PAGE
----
Ice Palace

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Doubleday, 1958 - Fiction - 411 pages
2 Reviews
A love story set in modern Alaska, with historical and social background.

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User Review  - ocgreg34 - LibraryThing

Growing up in the Alaskan city of Baranof, Christine Storm knows more about the territory of Alaska than most native borns. Her grandfathers both traveled to the area with hopes of making a name for ... Read full review

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User Review  - MerryMary - LibraryThing

An insider's look at Alaska before statehood. The story involves a young woman whose heritage combines the native Alaska with the rich outsiders who come to get rich and get out. As she explores both ... Read full review

Contents

Section 1
9
Section 2
21
Section 3
34
Copyright

27 other sections not shown

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About the author (1958)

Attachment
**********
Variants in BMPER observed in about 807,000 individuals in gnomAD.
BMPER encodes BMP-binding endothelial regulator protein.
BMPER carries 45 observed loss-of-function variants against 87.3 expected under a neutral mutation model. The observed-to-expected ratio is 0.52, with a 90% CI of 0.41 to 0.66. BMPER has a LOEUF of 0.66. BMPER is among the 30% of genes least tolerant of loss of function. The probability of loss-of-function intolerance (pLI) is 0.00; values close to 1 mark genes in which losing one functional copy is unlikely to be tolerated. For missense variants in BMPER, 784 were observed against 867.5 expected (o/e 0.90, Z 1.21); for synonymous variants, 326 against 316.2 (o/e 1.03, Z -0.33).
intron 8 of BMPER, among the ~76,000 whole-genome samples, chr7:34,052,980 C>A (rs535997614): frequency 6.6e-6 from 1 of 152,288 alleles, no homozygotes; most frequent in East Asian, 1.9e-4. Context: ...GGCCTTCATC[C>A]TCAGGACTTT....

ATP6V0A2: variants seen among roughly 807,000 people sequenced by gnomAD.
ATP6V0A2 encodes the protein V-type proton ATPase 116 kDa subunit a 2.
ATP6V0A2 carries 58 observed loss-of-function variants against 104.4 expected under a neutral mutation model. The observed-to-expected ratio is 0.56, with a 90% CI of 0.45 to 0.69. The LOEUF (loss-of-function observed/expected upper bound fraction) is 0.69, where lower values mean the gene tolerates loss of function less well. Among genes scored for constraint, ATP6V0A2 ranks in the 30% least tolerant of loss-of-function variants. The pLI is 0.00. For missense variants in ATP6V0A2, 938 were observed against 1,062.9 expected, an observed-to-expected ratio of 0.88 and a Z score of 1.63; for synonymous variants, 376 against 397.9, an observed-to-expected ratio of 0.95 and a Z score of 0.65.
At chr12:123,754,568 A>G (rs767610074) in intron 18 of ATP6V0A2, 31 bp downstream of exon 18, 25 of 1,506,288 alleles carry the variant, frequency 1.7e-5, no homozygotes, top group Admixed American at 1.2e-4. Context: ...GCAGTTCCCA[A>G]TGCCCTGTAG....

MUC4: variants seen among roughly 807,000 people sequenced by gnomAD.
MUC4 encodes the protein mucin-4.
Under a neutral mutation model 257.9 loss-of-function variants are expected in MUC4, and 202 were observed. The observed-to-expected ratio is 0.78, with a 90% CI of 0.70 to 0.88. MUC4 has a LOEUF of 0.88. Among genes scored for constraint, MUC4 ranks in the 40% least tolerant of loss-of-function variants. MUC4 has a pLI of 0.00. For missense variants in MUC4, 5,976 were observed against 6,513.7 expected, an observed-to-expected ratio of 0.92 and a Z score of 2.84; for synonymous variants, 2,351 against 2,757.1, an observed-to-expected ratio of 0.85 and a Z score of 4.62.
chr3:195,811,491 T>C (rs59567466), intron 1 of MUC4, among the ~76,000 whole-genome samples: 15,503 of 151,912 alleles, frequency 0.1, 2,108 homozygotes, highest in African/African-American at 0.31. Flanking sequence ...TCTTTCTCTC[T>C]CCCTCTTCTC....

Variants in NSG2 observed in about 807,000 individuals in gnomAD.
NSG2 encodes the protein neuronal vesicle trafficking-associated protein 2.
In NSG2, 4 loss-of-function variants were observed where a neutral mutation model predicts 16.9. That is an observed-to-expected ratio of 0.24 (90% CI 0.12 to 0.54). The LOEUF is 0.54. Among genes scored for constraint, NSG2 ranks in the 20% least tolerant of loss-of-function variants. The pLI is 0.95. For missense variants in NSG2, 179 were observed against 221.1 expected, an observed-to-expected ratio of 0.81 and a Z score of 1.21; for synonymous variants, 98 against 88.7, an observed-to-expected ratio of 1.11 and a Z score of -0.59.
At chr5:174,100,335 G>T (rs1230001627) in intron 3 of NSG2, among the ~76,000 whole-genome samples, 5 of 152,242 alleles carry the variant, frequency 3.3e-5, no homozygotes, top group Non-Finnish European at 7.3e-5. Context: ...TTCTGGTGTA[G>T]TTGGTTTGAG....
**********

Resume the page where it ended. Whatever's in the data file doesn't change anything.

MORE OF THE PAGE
Edna Ferber was born in Kalamazoo, Michigan, Aug. 15, 1885. She spent her early career as a reporter. In 1910, Everybody's Magazine published her short story, The Homely Heroine, set in Appleton, Wisconsin. Ferber's novel, Dawn O'Hara, the story of a newspaperwoman in Milwaukee, followed in 1911. She gained national attention for her series of Emma McChesney stories, tales of a traveling underskirt saleswoman that were published in national magazines. A play based on the stories, Our Mrs. McChesney, was produced in 1915, starring Ethel Barrymore. With collaborator George S. Kaufman, Ferber wrote acclaimed plays Dinner at Eight and The Royal Family. Ferber won the Pulitzer Prize in 1925 for So Big, the story of a woman raising a child on a truck farm outside of Chicago. Her best known books include Show Boat, Cimarron, Giant and Ice Palace. Show Boat was made into a classic movie and Broadway musical; the film version of Cimarron, won the Academy Award for Best Picture in 1931. Ferber wrote two autobiographies, A Peculiar Treasure published in 1939 and A Kind of Magic in 1963. She died of cancer on April 16, 1968.

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